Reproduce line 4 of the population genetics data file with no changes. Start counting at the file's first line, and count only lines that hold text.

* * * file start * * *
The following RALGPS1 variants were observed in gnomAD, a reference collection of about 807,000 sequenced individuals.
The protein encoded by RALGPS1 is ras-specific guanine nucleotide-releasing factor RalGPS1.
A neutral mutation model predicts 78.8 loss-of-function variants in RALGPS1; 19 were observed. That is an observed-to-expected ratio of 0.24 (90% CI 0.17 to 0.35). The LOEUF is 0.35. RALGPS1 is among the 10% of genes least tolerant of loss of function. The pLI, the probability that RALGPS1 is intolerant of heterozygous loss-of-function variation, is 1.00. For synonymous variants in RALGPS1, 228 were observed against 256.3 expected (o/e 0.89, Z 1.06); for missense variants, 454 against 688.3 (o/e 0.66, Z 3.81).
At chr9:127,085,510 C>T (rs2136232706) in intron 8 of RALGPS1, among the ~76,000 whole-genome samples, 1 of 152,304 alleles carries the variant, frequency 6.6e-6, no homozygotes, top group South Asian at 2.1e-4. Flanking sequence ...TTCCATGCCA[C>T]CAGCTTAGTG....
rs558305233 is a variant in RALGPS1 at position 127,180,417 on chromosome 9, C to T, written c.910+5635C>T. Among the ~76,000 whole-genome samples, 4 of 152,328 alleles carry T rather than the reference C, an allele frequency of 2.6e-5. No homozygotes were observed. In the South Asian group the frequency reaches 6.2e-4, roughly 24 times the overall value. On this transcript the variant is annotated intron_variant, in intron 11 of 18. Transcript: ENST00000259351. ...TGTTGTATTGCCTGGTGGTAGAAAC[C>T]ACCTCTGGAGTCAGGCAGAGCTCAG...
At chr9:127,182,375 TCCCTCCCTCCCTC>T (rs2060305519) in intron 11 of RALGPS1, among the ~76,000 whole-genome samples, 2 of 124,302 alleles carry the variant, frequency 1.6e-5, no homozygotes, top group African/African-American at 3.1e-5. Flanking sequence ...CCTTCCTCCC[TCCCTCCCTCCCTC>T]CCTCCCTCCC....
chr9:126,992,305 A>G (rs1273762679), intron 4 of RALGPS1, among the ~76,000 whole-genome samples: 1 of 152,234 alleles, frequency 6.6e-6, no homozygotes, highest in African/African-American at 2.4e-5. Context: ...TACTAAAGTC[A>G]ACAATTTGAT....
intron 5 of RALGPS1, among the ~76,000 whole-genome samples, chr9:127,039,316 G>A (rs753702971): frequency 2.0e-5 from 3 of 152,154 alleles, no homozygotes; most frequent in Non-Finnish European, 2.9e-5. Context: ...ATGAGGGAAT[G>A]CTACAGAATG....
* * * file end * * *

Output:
At chr9:127,085,510 C>T (rs2136232706) in intron 8 of RALGPS1, among the ~76,000 whole-genome samples, 1 of 152,304 alleles carries the variant, frequency 6.6e-6, no homozygotes, top group South Asian at 2.1e-4. Flanking sequence ...TTCCATGCCA[C>T]CAGCTTAGTG....